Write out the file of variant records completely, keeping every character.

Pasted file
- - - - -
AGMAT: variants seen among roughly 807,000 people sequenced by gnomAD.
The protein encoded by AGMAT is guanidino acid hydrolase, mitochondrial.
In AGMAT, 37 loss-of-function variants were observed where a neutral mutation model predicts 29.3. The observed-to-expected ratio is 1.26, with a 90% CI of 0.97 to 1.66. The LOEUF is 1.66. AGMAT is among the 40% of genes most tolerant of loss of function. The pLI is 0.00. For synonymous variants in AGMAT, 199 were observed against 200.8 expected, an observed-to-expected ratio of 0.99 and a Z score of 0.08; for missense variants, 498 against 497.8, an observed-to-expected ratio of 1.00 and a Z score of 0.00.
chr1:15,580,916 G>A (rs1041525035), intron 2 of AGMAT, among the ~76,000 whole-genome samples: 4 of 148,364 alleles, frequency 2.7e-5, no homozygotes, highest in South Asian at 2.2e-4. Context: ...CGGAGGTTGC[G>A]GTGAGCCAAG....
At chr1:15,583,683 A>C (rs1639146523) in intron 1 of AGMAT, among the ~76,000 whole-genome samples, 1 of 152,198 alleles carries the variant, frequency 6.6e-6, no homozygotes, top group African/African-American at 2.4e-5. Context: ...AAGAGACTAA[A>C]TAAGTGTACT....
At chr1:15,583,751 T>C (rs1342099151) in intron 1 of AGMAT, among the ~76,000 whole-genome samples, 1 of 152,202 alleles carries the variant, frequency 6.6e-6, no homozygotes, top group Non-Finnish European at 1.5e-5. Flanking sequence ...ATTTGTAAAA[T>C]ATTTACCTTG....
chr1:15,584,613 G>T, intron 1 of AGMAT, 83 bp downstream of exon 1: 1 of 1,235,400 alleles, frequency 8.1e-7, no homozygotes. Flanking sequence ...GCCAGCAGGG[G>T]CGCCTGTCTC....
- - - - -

AGMAT: variants seen among roughly 807,000 people sequenced by gnomAD.
The protein encoded by AGMAT is guanidino acid hydrolase, mitochondrial.
In AGMAT, 37 loss-of-function variants were observed where a neutral mutation model predicts 29.3. The observed-to-expected ratio is 1.26, with a 90% CI of 0.97 to 1.66. The LOEUF is 1.66. AGMAT is among the 40% of genes most tolerant of loss of function. The pLI is 0.00. For synonymous variants in AGMAT, 199 were observed against 200.8 expected, an observed-to-expected ratio of 0.99 and a Z score of 0.08; for missense variants, 498 against 497.8, an observed-to-expected ratio of 1.00 and a Z score of 0.00.
chr1:15,580,916 G>A (rs1041525035), intron 2 of AGMAT, among the ~76,000 whole-genome samples: 4 of 148,364 alleles, frequency 2.7e-5, no homozygotes, highest in South Asian at 2.2e-4. Context: ...CGGAGGTTGC[G>A]GTGAGCCAAG....
At chr1:15,583,683 A>C (rs1639146523) in intron 1 of AGMAT, among the ~76,000 whole-genome samples, 1 of 152,198 alleles carries the variant, frequency 6.6e-6, no homozygotes, top group African/African-American at 2.4e-5. Context: ...AAGAGACTAA[A>C]TAAGTGTACT....
At chr1:15,583,751 T>C (rs1342099151) in intron 1 of AGMAT, among the ~76,000 whole-genome samples, 1 of 152,202 alleles carries the variant, frequency 6.6e-6, no homozygotes, top group Non-Finnish European at 1.5e-5. Flanking sequence ...ATTTGTAAAA[T>C]ATTTACCTTG....
chr1:15,584,613 G>T, intron 1 of AGMAT, 83 bp downstream of exon 1: 1 of 1,235,400 alleles, frequency 8.1e-7, no homozygotes. Flanking sequence ...GCCAGCAGGG[G>T]CGCCTGTCTC....